BREWER — By the end of February, Brewer should be home to a natural foods grocery store.

Sarah Morneault and Lindsey Levesque, former co-workers at Sea Dog Brewing Co. in Bangor, are hard at work inside 20 S. Main St. in Brewer, formerly a discount furniture store and before that a Brooks Pharmacy.

“It’s going to be a small locally-sourced — wherever possible — natural foods store,” Levesque said.

Their store, Tiller & Rye, will offer “humanely raised” meat, fresh produce and other fare one would expect to find at a grocer. The foods will be “free from harmful additives” and there will be options for people with dietary restrictions, including gluten-free varieties and meat and dairy alternatives. The store also will stock its shelves with artisanal cheeses, bulk spices and grains, wine and craft beer.

The project has been in the works since last spring, when the pair began seeking out a location and a $50,000 grant from the Maine Department of Economic and Community Development, which they were awarded.

Work at the 9,500-square-foot site started earlier this month, with crews tearing up the floor and clearing out the building to start a clean slate.


Morneault also has a management degree from the University of Maine at Orono, and Levesque is a farmer, raising pigs, chickens and turkeys at her home on outer Ohio Street in Bangor. The two have been friends for about 15 years and worked together at Sea Dog for more than a decade.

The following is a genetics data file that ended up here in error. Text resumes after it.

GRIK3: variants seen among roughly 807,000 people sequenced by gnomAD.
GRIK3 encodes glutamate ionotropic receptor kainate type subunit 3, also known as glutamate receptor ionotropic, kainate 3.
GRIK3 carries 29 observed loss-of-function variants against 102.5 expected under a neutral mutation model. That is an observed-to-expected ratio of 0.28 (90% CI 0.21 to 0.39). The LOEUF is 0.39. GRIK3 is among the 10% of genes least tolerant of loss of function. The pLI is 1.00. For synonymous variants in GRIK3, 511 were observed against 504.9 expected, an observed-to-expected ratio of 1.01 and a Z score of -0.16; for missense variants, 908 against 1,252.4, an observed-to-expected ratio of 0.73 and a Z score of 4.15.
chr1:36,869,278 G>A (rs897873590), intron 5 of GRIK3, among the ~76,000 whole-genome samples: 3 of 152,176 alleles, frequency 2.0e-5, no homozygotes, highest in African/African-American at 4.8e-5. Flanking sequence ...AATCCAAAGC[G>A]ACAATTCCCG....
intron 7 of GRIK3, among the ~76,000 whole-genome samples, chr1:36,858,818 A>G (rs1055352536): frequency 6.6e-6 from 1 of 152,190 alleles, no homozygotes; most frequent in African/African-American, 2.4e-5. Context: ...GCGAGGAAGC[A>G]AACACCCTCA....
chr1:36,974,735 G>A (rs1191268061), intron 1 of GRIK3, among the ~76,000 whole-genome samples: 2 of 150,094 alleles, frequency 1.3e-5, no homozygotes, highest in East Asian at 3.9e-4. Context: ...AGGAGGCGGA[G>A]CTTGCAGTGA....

Two years ago, they started talking about getting together to start a business making goat milk products. But the more they talked with people, they said, the more demand they heard for local, natural goods.

In a way, the store will operate as a sort of year-round farmers market, relying on the area’s larger farms to keep a steady flow of the most popular goods, while smaller-scale farms also will have the chance of putting their products on shelves.

“There are a lot of excited farmers out there,” Levesque said.

Morneault and Levesque said the store supports farmers markets and will advertise them inside the store, but Tiller & Rye will be another vehicle for farmers that is open throughout the week and throughout the seasons when markets can be hard to find.

The store also will feature a small cafe and drive-thru. Eventually, that drive-thru could be open to online shoppers, who could place their shopping list online and pick it up later that day. That system will take more time to set up, Morneault said.

Morneault said that future customers can make requests for what farms and what products they’d like to see stocking shelves and freezers via the Tiller & Rye website.

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